In my previous post about Book promotion and giveaway sites I found that Bookbub came out best, so since this site was new to me, I thought I’d try it out for myself. If I tried to promote one of my own books via a free promotion on Bookbub, how successful would it be? In an earlier post I questioned whether it was possible to give away too many free books; here was a further experiment.
The first thing I did was to join Bookbub, as a customer. That worked quite well. Like Amazon, the site aims to present readers with the sort of books they are likely to buy, rather than flooding them with stuff of no interest. So as a reader I was asked what sort of books I preferred (I chose thrillers and historical fiction) and gave my email address. Result – each day I get an email offering me deals on between four and six books – mostly either free or at $0.99. They’re attractively presented, with the cover and a short, enticingly written blurb. Great! I’m not swamped with too many books, and the small number offered are all in my chosen genres. As a customer, I like it – I can see how this works.
As soon as I click on the Get Deal button, though, I find there’s a problem. The link takes me to the Amazon US site, which is a problem for me as I live in the UK. Nonetheless, several of the books were sufficiently appealing for me note down the title and search for them on Amazon UK. But then – oh dear! Again and again I find that the DEAL offered free or for $0.99 in the US is NO DEAL at all in the UK – the price is £3.99 or higher for UK customers. If you check the small print under your list of Today’s deals, you will see ‘Some deals may not be available outside the United States.’ In my experience, disappointingly, that means ‘most deals’
I wrote a polite letter to Bookbub about these two problems – no UK link and lack of UK deals – but received no reply.
Nonetheless, I decided to give Bookbub a try. There are a lot of readers in the US and my aim is to introduce my books to them. My legal thrillers – A Game of Proof, A Fatal Verdict, and Bold Counsel – enjoy modest but steady sales but my historical novels – which are just as good is not better!! – can go for whole weeks without selling a single copy. So I chose The Blood Upon the Rose for the experiment. I would make it free for the full 5 days on Amazon Select, and promote the free giveaway only on Bookbub.
This is quite expensive. Bookbub has a handy table which lists the prices and what you can expect from free or reduced price promotions in various genres. For a free promotion of a historical novel cost me $170 which came out at roughly £107 in real money. For this they will promote the book to customers for one day only, and keep it as a DEAL on their site for the full period of the promotion, in my case 5 days.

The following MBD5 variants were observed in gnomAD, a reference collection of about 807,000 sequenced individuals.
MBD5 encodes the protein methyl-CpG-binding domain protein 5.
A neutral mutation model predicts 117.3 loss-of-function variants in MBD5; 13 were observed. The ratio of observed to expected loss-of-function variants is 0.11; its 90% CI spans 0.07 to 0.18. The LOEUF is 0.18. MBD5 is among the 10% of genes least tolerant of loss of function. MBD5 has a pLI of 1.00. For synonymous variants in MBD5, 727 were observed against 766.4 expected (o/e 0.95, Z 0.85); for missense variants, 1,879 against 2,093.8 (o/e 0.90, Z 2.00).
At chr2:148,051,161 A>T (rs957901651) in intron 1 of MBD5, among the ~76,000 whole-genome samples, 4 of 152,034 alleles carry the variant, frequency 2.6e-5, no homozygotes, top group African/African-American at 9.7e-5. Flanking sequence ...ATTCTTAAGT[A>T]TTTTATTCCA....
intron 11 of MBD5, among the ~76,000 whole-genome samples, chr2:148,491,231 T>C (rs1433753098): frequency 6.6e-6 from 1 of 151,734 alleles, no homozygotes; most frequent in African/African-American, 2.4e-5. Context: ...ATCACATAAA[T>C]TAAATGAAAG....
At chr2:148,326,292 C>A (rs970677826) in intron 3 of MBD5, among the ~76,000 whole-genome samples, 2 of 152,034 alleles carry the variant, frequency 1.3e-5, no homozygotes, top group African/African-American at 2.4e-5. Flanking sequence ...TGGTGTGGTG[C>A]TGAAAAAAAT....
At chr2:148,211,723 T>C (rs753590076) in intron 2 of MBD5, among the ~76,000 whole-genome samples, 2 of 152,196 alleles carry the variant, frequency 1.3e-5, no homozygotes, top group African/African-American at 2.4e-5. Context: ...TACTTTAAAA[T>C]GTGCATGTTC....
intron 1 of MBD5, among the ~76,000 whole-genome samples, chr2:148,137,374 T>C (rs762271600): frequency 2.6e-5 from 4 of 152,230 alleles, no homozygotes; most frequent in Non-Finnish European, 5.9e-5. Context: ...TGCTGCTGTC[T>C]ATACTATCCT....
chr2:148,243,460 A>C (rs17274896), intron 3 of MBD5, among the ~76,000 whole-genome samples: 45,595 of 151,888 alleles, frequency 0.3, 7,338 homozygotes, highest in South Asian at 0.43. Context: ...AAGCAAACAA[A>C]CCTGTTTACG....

Would it be worth it? Since the book’s normal price is $3.99 I get 70%=$2.79 for each sale, so I would have to sell 60 copies to break even. It would be easy to attribute these sales to the Bookbub promotion since, sadly, this excellent book (in my unbiased opinion) had zero sales in the previous two weeks.
So, take a deep breath, and plunge in. The book went free on 2 July and by next day – get this – it had been downloaded 16,148 times. In the US, that is. And 70 times in the UK. Five days later I had given away 24,610 copies in the US and er … 169 in the UK.
Success? Well, in one way, certainly. For a while it was actually #1 in the ‘historical fiction’ section (free) So a huge number of US readers saw my book for the first time, liked what they saw, and downloaded it. For this I must say a big THANKS to Bookbub: they presented my book well, wrote an excellent short blurb (much better than my own – they are great at this) and put it in front of thousands of readers who had expressed an interest in historical fiction.
But what about the surge afterwards? Did I make any money? Ah well, there’s the rub. So far, two weeks later, I have sold 40 copies in the US (and none in the UK) That’s 20 fewer than I needed to break even. So – a failure?
Well, maybe. But not a disaster. Readers’ reviews are trickling in, mostly positive, which is gratifying and should help sales a bit. The book is still selling – very slowly – and may continue to do so for a while. And 25,000 readers have the chance to sample my deathless prose, which wasn’t happening before. So all in all, an interesting experiment.
Can you give away too many books? Well, the jury’s still out, I think. It’s a funny old game, this self-publishing lark.
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